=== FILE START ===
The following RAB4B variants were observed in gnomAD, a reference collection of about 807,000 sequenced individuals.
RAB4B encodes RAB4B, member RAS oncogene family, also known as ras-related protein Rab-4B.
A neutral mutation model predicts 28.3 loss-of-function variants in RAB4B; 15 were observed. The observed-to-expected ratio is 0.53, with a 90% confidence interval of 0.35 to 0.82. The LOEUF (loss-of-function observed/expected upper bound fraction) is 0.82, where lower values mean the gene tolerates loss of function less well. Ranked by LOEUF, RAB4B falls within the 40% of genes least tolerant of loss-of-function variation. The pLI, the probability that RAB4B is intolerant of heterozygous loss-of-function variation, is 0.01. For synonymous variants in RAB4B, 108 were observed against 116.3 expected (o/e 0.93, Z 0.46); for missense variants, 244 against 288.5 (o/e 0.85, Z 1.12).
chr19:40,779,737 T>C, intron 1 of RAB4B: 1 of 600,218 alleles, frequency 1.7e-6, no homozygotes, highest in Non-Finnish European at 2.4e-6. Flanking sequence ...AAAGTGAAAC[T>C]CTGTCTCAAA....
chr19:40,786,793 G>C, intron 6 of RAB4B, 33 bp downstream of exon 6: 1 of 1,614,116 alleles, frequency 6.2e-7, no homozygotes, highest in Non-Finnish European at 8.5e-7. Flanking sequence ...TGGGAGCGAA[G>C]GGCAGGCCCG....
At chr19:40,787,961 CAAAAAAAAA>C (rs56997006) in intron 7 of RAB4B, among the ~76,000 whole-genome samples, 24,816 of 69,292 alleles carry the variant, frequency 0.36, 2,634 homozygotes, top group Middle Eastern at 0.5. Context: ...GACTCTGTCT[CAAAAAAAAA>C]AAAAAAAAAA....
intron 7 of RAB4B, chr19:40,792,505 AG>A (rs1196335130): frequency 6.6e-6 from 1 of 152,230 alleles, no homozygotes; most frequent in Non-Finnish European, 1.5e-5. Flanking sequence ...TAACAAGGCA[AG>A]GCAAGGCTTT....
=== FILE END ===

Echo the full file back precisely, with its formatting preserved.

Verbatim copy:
The following RAB4B variants were observed in gnomAD, a reference collection of about 807,000 sequenced individuals.
RAB4B encodes RAB4B, member RAS oncogene family, also known as ras-related protein Rab-4B.
A neutral mutation model predicts 28.3 loss-of-function variants in RAB4B; 15 were observed. The observed-to-expected ratio is 0.53, with a 90% confidence interval of 0.35 to 0.82. The LOEUF (loss-of-function observed/expected upper bound fraction) is 0.82, where lower values mean the gene tolerates loss of function less well. Ranked by LOEUF, RAB4B falls within the 40% of genes least tolerant of loss-of-function variation. The pLI, the probability that RAB4B is intolerant of heterozygous loss-of-function variation, is 0.01. For synonymous variants in RAB4B, 108 were observed against 116.3 expected (o/e 0.93, Z 0.46); for missense variants, 244 against 288.5 (o/e 0.85, Z 1.12).
chr19:40,779,737 T>C, intron 1 of RAB4B: 1 of 600,218 alleles, frequency 1.7e-6, no homozygotes, highest in Non-Finnish European at 2.4e-6. Flanking sequence ...AAAGTGAAAC[T>C]CTGTCTCAAA....
chr19:40,786,793 G>C, intron 6 of RAB4B, 33 bp downstream of exon 6: 1 of 1,614,116 alleles, frequency 6.2e-7, no homozygotes, highest in Non-Finnish European at 8.5e-7. Flanking sequence ...TGGGAGCGAA[G>C]GGCAGGCCCG....
At chr19:40,787,961 CAAAAAAAAA>C (rs56997006) in intron 7 of RAB4B, among the ~76,000 whole-genome samples, 24,816 of 69,292 alleles carry the variant, frequency 0.36, 2,634 homozygotes, top group Middle Eastern at 0.5. Context: ...GACTCTGTCT[CAAAAAAAAA>C]AAAAAAAAAA....
intron 7 of RAB4B, chr19:40,792,505 AG>A (rs1196335130): frequency 6.6e-6 from 1 of 152,230 alleles, no homozygotes; most frequent in Non-Finnish European, 1.5e-5. Flanking sequence ...TAACAAGGCA[AG>A]GCAAGGCTTT....